Ruth reportedly threw his bat down, argued with the umpire, then stormed back to the dugout. Next up was “Iron Horse” Lou Gehrig, who swung and missed all three pitches.
“Too Strenuous” For Women
After Jackie got a standing ovation, she walked the third batter and was pulled from the game. The sensational story was quickly reported across the country. Days later, her contract was voided by Baseball Commissioner Kennesaw Mountain Landis with the reason given being that baseball was “too strenuous” for women.
Some have argued that Jackie’s defeat of the Babe and Iron Horse that day was a set up, but sports writers and historians tend to support that it was real. Knowing what happened later in her life indicates to me that Jackie took her talent seriously and wouldn’t have agreed to such a thing.
Jackie kept playing in exhibition games before retiring from baseball at the age of 23 in 1937. She was fed up with being used as a side show, once being asked to pitch while riding a donkey. She took an office job at her father’s company, and refused to come out of retirement when the All-American Girls Professional Baseball League formed in 1943.
Although her professional career lasted only two-thirds of an inning, her story has become legend in both baseball and women’s sports history. In 2000, a book about her story called “The Girl Who Struck Out Babe Ruth” was published. She died in January 1987 at the age of 73. Her stone is small and worn, with the last name of “Gilbert” on it. I could find no record of her marriage or if they had children.
Rare White Bronze Marker
The last marker I wanted to talk about is this white bronze (zinc) one, a rarity in a Southern cemetery. Finding information about the family proved difficult but I finally sorted it out. Where there were thought to be three sons, however, there is only one.
Three people are memorialized on this marker. John Timberlake Jackson (1859-1883) and Stonewall Jackson (1863-1896) were sons of William Jasper Jackson, a lumber merchant from Rutherford County, Tenn. who spent his later years in Jackson County, Ala. His first wife, Judith Primm Jackson, was the mother of John and Stonewall (and other children). She died in 1882 and is buried in Jackson Cemetery in Rutherford County.
Remarriage in Alabama
William remarried in 1883 to wealthy widow Paralee Edwards Moody in Alabama. Her son, Jesse Moody, born in 1869 during her first marriage to Alexander Moody, is the third person on this monument. He grew up in Scottsboro, Ala. and lived with his mother and step-father, William, after their marriage in 1883.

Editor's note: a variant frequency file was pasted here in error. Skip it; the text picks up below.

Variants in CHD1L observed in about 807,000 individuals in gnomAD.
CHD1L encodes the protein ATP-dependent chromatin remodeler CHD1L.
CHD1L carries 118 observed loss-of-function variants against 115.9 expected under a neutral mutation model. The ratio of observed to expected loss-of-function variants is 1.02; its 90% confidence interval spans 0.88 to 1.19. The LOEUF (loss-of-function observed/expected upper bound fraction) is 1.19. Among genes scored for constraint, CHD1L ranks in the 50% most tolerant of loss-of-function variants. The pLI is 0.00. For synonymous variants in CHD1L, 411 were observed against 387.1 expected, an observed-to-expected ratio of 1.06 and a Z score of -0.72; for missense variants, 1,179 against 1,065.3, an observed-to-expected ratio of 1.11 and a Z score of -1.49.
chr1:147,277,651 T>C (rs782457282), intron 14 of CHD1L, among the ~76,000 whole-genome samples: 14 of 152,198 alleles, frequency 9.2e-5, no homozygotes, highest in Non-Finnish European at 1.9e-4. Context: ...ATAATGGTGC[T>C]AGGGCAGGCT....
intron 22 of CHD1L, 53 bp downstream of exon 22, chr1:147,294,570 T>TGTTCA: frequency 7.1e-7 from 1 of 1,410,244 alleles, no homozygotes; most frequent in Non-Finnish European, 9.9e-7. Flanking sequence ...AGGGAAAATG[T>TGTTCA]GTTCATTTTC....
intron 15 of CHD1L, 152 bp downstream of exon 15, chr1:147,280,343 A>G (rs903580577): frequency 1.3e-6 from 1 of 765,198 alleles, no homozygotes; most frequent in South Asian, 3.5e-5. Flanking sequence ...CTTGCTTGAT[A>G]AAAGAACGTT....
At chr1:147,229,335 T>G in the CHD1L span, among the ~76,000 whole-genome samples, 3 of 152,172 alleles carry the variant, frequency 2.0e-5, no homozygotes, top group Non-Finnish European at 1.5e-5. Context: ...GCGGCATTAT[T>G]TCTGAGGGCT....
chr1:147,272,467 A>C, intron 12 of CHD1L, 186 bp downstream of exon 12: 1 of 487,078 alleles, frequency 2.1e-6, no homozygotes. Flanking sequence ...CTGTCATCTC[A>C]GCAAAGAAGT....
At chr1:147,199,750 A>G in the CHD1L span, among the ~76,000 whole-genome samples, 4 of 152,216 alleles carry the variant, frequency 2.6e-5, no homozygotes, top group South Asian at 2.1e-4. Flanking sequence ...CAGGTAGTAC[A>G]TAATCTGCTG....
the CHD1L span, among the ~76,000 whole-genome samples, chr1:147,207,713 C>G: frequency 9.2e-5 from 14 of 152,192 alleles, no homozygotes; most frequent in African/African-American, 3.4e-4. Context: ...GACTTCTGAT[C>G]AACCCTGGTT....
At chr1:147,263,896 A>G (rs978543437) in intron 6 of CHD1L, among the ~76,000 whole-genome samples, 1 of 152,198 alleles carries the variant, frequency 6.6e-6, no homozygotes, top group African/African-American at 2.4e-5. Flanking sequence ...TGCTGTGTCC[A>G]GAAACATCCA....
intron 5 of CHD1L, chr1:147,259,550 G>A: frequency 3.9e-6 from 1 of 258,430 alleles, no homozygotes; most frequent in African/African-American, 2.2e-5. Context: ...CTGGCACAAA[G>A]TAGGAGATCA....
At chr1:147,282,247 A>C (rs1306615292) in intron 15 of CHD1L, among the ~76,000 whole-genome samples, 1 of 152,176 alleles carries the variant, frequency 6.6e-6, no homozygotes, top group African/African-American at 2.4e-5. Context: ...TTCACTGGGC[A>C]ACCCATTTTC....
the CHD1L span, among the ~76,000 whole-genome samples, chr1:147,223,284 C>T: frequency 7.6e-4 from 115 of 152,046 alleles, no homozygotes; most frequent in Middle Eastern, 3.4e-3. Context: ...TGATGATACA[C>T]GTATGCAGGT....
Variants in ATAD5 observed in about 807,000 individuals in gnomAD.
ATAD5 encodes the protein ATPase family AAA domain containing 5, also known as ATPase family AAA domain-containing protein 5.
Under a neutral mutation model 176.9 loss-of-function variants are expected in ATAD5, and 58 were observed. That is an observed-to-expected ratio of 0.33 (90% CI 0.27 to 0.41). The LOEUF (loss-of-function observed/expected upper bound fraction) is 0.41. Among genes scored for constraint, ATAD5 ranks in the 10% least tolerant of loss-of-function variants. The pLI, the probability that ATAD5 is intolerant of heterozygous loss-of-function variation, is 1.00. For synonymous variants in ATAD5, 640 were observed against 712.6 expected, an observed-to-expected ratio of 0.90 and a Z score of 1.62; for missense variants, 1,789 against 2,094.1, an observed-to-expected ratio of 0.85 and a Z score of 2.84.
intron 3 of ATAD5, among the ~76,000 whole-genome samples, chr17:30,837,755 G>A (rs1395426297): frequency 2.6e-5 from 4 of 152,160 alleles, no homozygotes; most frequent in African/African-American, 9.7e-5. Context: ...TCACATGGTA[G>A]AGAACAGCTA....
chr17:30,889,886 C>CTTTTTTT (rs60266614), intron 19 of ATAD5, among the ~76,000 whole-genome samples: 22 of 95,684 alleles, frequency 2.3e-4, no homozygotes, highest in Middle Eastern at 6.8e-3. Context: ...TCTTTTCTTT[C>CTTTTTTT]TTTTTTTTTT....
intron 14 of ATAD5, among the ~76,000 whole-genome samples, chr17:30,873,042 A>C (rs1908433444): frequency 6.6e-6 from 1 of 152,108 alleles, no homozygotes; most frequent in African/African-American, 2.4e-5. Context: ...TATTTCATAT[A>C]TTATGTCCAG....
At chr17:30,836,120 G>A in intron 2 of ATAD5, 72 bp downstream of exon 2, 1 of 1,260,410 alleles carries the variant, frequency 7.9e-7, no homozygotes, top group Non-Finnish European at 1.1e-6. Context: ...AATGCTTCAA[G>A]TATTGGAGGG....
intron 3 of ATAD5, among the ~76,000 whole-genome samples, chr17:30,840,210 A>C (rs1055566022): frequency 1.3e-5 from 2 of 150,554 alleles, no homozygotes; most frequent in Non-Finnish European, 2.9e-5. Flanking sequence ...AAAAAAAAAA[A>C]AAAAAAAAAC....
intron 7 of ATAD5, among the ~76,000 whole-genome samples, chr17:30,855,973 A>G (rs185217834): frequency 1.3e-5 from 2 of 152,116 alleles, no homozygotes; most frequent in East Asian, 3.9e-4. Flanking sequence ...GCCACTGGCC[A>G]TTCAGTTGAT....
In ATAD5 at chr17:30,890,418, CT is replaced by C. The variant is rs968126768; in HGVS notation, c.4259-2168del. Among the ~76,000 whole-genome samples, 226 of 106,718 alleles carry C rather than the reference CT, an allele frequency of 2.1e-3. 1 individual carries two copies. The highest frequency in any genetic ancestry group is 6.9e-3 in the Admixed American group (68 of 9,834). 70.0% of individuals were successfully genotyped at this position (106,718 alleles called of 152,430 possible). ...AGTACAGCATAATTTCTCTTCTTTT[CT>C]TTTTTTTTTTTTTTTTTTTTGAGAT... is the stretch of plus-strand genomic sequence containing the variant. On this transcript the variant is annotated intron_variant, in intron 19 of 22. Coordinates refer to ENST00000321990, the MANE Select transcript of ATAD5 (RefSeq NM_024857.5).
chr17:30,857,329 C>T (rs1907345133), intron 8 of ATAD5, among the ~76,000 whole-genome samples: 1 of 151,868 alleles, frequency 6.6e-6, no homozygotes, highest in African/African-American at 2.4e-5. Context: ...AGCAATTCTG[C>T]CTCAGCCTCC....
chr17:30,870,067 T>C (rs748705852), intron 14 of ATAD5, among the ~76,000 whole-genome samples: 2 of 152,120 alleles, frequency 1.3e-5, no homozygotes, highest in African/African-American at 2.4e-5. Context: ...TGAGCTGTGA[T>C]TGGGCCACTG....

John T. Jackson died in August 1883 at the age of 24, I could find very little about him. Stonewall worked closely with his father at his lumberyard in Langston, Ala. and died there suddenly at the age of 32 in 1896. His obituary notes he was buried in Langston but does not specify a cemetery by name.
According to his obituary, Jesse died as a result of exposure and a fever he contracted while a soldier serving in the Philippines. The Spanish American War that only lasted a few months in 1898 dragged on into the Philippine American War, and it appears Jesse took part in both. His obituary notes that he’d only been back in America a short time when he died at the Jackson home in Chattanooga on Jan. 23, 1902. His official Tennessee death record lists “consumption” as his cause of death.
William died in 1913 and is buried in Langston Cemetery in Alabama. Paralee died in 1925 at the age of 84 of pneumonia in Scottsboro, Ala. While Find a Grave does not have a photo of her grave, her obituary notes that her remains were “carried to Chattanooga” for burial beside her son. She left a substantial sum of money in her will to endow a Jesse Moody Chair of Mathematics at what is now Bethel University in McKenzie, Tenn.
Three Names But Only One Grave
What puzzled me was how brothers John and Stonewall Jackson ended up buried at Forest Hills when they seemed to have few ties to Chattanooga, beyond a family home mentioned in Jesse’s obituary, which may have been the home of a relative. Stonewall’s obituary specifically notes he was buried in Alabama following his death in 1896, but does not mention which cemetery.
I solved the mystery by looking up Forest Hills’ extensive online burial records, which revealed no record of their burials there. Paralee and Jesse’s burials, however, are recorded. My guess is that Paralee memorialized her step-sons on the marker when she had it made for Jesse in 1902 as a loving gesture to her husband, William.
There’s a lot more to talk about at Forest Hills Cemetery. I’ll be back to share additional tales.
Kristine Bartley said:
Do you know the story about the unmarked baby graves that were in Des Moines’ Woodland Cemetery?
Just saw your tweet about this. We only had a few hours to explore, and we did not get to that part of Woodland so I did not see those graves. I had no idea. What a sad story but not surprising considering how many people were headed West in those pioneer days. Thank you for sharing!